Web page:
Pressuring the press is legal: But don’t use government power to compel


On grounds that the states bringing the case lacked standing, the U.S. Supreme Court tossed the claim that the Biden administration bullied social media companies into removing content that government considered dangerous. It was a sensible ruling — but the court could’ve and should’ve gone further and rejected the complaint on the merits.

Government officials are allowed to jawbone reporters, editorial boards or social media companies to promote or even silence certain opinions as long as they’re not explicitly or implicitly threatening to punish them with government power if they defy them.


As you might’ve guessed, we speak from experience. We’ve been on the receiving end of many a governor or mayor or federal official steamed about something we published or didn’t publish. Sometimes the complaint is shallow and partisan and self-serving, sometimes it’s rooted in an important public policy disagreement. Sometimes the public official is polite, sometimes not so much.

Regardless, getting criticized comes with the territory of being in a position of public power: That’s true of the people we elect, and it’s true of those who guide the news media, too.

Under the First Amendment to the Constitution, problems only arise if and when government threatens, say, to sic the police or the Federal Trade Commission on a speaker simply because of what he or she has said, or to yank a tax credit or a government contract.

That’s not what the case before the high court was about. It was primarily about whether the Biden administration was within its own free speech rights to urge the people who run X, Facebook and the like to take down posts featuring misinformation about vaccines, the 2020 election and the like.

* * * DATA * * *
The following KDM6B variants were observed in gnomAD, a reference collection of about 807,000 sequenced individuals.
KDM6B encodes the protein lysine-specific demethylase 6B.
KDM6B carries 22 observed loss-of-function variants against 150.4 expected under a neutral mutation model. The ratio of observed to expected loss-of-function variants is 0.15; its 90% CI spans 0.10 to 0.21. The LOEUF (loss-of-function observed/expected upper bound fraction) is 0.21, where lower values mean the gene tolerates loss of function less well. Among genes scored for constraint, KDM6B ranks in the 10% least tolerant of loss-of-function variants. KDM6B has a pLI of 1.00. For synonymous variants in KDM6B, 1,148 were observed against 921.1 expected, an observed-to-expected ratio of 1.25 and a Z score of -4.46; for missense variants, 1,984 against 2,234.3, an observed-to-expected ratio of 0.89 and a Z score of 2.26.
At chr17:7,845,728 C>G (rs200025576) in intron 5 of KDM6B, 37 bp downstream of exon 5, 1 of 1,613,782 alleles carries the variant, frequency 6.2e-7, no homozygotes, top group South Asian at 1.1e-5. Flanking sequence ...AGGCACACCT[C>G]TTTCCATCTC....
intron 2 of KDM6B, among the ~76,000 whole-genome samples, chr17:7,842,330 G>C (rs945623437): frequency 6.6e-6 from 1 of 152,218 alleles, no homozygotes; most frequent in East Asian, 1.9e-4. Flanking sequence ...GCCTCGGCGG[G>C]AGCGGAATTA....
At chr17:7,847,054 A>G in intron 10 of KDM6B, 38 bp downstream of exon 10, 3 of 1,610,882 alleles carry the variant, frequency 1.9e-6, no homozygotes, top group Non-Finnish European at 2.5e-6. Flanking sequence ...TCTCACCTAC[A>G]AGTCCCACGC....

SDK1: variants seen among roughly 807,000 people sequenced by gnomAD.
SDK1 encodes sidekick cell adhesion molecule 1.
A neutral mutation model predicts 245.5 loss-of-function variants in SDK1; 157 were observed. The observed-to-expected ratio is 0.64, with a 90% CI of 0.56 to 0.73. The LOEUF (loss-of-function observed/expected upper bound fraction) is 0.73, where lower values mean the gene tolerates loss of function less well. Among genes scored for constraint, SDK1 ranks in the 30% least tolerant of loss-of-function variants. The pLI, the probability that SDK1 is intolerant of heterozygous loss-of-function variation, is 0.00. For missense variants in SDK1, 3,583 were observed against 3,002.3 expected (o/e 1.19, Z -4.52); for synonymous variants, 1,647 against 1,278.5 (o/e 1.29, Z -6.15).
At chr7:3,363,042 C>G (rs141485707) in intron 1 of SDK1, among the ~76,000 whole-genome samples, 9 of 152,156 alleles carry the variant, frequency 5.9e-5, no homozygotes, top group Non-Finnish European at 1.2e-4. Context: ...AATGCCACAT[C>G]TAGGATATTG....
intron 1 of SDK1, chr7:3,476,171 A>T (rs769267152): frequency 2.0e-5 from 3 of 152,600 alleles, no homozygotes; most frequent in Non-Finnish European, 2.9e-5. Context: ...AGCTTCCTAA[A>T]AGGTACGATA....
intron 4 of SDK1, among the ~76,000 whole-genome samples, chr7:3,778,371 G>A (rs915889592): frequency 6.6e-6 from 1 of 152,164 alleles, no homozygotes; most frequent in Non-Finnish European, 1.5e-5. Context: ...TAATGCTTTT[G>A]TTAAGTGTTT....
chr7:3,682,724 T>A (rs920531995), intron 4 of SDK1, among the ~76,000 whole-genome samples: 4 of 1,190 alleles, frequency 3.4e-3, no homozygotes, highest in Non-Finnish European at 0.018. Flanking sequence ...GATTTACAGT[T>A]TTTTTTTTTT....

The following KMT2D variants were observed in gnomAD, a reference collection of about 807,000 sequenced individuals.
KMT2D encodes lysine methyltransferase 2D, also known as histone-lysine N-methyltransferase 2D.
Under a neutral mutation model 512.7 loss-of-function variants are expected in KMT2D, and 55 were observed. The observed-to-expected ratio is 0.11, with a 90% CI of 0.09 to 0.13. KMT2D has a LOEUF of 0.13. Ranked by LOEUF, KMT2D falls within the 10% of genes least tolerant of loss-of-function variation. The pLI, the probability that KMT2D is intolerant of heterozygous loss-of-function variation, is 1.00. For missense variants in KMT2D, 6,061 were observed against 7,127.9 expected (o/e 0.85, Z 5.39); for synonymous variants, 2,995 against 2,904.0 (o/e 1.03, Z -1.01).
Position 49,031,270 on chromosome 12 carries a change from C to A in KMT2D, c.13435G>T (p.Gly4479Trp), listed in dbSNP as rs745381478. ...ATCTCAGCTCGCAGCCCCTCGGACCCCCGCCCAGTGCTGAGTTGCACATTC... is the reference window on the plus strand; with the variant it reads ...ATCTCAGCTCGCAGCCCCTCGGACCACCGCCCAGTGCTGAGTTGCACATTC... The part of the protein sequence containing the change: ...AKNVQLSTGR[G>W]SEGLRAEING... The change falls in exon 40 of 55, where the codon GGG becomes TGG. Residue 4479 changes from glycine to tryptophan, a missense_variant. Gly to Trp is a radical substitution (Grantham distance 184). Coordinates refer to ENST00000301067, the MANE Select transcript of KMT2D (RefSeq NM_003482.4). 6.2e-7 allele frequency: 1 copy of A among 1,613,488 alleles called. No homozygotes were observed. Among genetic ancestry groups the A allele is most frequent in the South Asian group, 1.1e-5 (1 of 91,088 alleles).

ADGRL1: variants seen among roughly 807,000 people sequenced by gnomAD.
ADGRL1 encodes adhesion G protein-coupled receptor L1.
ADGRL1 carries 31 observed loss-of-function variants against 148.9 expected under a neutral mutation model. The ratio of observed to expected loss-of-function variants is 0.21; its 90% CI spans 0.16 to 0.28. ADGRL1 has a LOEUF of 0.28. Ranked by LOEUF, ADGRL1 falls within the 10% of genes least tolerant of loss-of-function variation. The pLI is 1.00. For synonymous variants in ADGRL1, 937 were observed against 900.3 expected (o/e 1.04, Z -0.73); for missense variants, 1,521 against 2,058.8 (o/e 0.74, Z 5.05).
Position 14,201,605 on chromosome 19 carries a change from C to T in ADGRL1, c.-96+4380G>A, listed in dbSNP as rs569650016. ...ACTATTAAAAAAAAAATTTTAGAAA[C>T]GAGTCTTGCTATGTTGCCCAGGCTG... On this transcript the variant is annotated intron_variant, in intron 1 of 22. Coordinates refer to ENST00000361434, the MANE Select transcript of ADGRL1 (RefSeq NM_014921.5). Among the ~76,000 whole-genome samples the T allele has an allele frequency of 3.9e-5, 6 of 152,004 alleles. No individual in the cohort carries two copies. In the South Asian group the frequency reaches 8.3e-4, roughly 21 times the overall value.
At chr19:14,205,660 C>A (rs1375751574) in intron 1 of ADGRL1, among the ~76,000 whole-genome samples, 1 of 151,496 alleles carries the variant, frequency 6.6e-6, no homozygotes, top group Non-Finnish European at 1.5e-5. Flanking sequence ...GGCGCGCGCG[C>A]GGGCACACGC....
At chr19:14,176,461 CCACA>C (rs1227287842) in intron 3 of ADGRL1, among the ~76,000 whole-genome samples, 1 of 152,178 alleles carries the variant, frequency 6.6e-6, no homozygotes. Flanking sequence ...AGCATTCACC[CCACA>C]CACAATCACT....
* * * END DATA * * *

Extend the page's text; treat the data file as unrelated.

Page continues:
Nobody on the public payroll said “nice little company, a shame if something happened to it”: They simply expressed, often forcefully, the belief that misinformation can be corrosive to democracy or public health — which, ahem, it is.

It’s wholly legitimate in the course of a pandemic, when millions of lives are on the line, for the government to push back strongly against those who spread messages that pollute public trust in vaccines or spread baseless conspiracies that increase the likelihood that a disease will more freely spread. Indeed, it’s responsible. Where the right-wing sees a conspiracy, we see a government with strong beliefs that wants social media policies to fairly implement policies that in many cases they’ve already embraced.

Nor should the irony be lost on us: A case challenging the Biden administration on these terms made it all the way to the Supreme Court, when during the Trump administration the bully in chief was openly calling the news media enemies of the people for daring to report things that he disagreed with.

If and when the Biden administration or any other administration demands that a social media company silence an account or else face the federal government’s wrath, that’ll be a very different case — and we will almost surely side with whoever’s on the receiving end.

But a tongue-lashing is not a public policy consequence.